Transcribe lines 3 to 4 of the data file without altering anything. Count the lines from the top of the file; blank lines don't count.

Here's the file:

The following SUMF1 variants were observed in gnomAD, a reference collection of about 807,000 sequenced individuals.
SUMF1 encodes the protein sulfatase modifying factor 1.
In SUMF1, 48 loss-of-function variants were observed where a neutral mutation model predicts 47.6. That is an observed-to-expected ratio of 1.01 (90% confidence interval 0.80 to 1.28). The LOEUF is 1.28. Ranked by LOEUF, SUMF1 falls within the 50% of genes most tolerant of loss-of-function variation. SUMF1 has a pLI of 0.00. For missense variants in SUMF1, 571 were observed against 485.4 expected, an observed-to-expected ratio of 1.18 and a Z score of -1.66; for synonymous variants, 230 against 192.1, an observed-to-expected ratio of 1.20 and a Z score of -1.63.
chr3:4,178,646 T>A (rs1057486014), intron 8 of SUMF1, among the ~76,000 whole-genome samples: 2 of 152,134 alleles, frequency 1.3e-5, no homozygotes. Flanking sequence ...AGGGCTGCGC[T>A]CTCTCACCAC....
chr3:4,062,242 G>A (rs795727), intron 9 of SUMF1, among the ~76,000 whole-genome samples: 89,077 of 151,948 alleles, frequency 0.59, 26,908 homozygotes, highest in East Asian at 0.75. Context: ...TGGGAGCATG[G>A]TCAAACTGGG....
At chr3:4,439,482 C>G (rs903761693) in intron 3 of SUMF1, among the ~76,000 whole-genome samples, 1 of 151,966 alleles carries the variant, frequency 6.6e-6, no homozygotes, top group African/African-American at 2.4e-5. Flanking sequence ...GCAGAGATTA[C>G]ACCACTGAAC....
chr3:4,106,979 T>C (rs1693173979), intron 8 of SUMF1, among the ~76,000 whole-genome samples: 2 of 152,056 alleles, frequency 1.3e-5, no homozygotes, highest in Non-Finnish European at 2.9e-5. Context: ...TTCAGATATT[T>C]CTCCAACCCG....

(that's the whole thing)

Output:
In SUMF1, 48 loss-of-function variants were observed where a neutral mutation model predicts 47.6. That is an observed-to-expected ratio of 1.01 (90% confidence interval 0.80 to 1.28). The LOEUF is 1.28. Ranked by LOEUF, SUMF1 falls within the 50% of genes most tolerant of loss-of-function variation. SUMF1 has a pLI of 0.00. For missense variants in SUMF1, 571 were observed against 485.4 expected, an observed-to-expected ratio of 1.18 and a Z score of -1.66; for synonymous variants, 230 against 192.1, an observed-to-expected ratio of 1.20 and a Z score of -1.63.
chr3:4,178,646 T>A (rs1057486014), intron 8 of SUMF1, among the ~76,000 whole-genome samples: 2 of 152,134 alleles, frequency 1.3e-5, no homozygotes. Flanking sequence ...AGGGCTGCGC[T>A]CTCTCACCAC....